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Mar 2, 22

This Is America #160: An Anarchist Critique of the ‘State of the Union,’ Organizing Against Far-Right Convoy, Ukraine for Dummies

Welcome, to This Is America, March 2nd, 2022.

On today’s episode, first we bring you an anarchist critique of Biden’s ‘State of the Union’ address.

We then present an interview with long-time anarchist organizer in so-called Canada Jaggi Singh, who speaks about the recent counter-demonstrations which took place against the far-Right convoy protests in Ottawa and beyond. While this interview is over a week old, it still offers clear insights for those in the so-called United States, as another round of far-Right convoy protests are being organized as we speak. A fair warning, this interview has a lot of cursing.

We then switch to our discussion, where we discuss the Russian invasion of Ukraine, how the police in Florida attempted to brand someone arrested outside of a rally in support of far-Right J6 defendants as a member of an “Antifa sleeper cell,” and much more.

Let’s dive right in!

An Anarchist Critique of Biden’s ‘State of the Union’ Address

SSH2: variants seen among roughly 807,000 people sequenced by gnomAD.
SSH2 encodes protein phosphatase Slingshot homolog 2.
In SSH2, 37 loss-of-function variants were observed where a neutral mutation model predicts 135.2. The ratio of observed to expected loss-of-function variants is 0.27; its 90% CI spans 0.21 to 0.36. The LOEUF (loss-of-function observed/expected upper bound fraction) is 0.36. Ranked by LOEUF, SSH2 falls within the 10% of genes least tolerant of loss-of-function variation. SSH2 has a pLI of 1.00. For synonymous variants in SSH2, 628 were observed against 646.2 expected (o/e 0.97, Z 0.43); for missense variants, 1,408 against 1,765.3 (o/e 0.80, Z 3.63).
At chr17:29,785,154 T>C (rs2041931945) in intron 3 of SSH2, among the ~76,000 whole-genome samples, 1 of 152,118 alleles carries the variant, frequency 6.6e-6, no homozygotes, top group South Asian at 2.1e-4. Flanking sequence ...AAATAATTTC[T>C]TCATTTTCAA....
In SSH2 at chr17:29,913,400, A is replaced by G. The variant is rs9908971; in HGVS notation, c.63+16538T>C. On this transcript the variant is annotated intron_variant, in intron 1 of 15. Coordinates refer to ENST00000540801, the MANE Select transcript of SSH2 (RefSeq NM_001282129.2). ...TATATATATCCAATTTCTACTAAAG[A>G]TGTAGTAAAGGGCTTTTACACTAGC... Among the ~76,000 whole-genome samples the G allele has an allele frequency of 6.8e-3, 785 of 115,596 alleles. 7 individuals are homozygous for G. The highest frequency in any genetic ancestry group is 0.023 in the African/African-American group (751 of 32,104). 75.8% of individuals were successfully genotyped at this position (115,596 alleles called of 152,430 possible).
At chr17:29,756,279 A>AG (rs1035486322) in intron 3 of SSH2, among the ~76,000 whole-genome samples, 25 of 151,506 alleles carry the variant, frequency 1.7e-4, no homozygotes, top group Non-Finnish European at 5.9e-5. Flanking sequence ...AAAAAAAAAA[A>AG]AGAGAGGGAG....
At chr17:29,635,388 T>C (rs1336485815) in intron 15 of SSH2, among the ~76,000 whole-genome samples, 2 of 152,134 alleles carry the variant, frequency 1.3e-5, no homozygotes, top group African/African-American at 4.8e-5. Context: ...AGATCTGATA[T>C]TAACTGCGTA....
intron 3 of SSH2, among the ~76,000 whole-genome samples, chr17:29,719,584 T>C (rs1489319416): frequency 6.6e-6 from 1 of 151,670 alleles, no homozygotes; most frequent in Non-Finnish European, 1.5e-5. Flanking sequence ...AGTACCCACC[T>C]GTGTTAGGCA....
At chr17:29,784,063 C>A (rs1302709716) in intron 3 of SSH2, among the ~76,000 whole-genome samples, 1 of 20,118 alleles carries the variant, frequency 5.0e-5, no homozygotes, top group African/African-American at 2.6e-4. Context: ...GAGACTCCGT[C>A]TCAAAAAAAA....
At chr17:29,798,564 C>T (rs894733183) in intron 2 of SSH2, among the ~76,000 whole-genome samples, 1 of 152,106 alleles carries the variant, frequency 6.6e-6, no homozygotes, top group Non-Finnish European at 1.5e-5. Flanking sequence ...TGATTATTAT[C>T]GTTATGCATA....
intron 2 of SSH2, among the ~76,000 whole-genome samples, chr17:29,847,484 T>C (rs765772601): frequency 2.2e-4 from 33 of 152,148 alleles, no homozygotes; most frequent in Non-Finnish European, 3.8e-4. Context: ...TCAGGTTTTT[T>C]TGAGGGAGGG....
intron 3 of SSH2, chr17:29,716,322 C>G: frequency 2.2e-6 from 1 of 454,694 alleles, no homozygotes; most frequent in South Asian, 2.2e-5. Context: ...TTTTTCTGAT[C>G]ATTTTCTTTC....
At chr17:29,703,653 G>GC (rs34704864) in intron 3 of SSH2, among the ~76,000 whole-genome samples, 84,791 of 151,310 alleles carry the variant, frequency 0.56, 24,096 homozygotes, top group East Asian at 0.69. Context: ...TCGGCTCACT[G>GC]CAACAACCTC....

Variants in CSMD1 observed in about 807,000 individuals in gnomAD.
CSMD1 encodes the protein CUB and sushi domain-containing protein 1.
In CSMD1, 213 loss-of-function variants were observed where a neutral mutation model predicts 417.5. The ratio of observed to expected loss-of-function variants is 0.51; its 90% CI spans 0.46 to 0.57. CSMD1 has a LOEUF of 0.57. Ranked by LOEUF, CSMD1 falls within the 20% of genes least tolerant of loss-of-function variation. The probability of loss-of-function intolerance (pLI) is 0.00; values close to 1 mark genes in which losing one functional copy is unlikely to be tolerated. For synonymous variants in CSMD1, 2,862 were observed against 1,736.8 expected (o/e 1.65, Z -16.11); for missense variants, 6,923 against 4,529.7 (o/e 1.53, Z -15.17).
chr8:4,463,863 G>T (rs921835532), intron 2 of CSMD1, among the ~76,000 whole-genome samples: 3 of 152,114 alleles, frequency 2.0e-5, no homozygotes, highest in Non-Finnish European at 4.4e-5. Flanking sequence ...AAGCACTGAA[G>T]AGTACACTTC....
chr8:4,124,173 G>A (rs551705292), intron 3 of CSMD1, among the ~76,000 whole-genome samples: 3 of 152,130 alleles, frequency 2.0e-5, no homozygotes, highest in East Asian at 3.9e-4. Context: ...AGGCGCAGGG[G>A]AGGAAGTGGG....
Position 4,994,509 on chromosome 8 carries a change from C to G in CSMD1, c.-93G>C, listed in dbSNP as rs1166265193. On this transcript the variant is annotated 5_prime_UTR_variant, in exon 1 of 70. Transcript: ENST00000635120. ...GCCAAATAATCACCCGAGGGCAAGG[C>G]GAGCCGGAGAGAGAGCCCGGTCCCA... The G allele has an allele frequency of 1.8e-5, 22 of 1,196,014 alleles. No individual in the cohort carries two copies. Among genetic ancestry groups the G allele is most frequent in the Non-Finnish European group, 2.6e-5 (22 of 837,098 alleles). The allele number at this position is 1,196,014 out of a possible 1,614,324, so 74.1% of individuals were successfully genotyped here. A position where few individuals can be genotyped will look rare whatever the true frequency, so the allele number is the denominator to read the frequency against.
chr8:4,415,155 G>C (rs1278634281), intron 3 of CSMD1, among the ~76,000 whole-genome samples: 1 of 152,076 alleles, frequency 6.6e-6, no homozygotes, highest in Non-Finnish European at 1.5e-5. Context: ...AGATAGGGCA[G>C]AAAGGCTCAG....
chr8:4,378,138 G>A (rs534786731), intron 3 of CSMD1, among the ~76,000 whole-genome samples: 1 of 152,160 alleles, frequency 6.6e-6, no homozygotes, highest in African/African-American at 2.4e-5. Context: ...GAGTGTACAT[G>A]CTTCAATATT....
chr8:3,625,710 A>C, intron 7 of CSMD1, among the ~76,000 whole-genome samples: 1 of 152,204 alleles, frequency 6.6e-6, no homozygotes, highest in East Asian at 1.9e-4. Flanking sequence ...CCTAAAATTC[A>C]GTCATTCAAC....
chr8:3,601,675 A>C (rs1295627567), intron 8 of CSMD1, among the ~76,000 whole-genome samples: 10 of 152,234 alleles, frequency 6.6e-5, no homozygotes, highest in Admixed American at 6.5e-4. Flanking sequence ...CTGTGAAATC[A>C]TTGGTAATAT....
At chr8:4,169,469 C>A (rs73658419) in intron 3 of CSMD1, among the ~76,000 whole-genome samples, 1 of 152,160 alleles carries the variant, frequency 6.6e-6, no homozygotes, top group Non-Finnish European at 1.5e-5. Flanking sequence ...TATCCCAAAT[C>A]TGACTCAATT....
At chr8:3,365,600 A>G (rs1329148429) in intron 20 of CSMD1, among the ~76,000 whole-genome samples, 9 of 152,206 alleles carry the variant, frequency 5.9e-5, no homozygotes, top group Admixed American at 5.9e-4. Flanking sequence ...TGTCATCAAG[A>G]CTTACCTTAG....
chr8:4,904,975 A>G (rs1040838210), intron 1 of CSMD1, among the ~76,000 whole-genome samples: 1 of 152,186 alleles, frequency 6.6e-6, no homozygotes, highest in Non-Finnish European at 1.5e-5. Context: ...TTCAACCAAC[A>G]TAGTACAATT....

“The United States is also a one-party state, but with typical American extravagance, they have two of them.” – Tanzanian President Julius Nyerere

Biden presented his first State of the Union speech on Tuesday, attempting to project a sense of strength and national unity to a nation increasingly divided by inequality, amidst a backdrop of an escalating war in Ukraine and a growing fascist threat at home. Speaking in front of a largely mask-less audience of military brass, politicians, and foreign dignitaries, Biden championed a growing economy, declared himself once again a “capitalist,” and attacked “defunding the police.”

Moreover, Biden attempted to sell the idea, as has the rest of the neoliberal class, that the pandemic is “winding down” and defeated, when in reality thanks to heavy corporate lobbying and changes in CDC rules, the ruling class has now transitioned into accepting the pandemic as an “endemic,” and is now pushing workers to adjust to an unending cycle of infection and death. Marching lock-step, the CDC has in the lead up to Biden’s speech, moved to classify formerly high-risk areas of infection to now low or medium-risk, in order to justify encouraging around 70 percent of the US population to stop wearing masks. This move has also been coupled by a push to end mask wearing in public schools. As one report wrote, the recent changes by the CDC come “weeks before the official death toll in the US surpasses 1 million, with the Worldometer site recording 973,119 deaths from COVID-19 in the US and nearly 2,000 people dying each day.”

Like Trump, the Democrats are attempting to normalize death of front-line workers, the elderly, the poor, and those lacking access to healthcare – as rents have skyrocketed, inflation has soared, the climate crisis grows more dire, and capitalists have attempted to recoup lost profits during the last two years of the pandemic.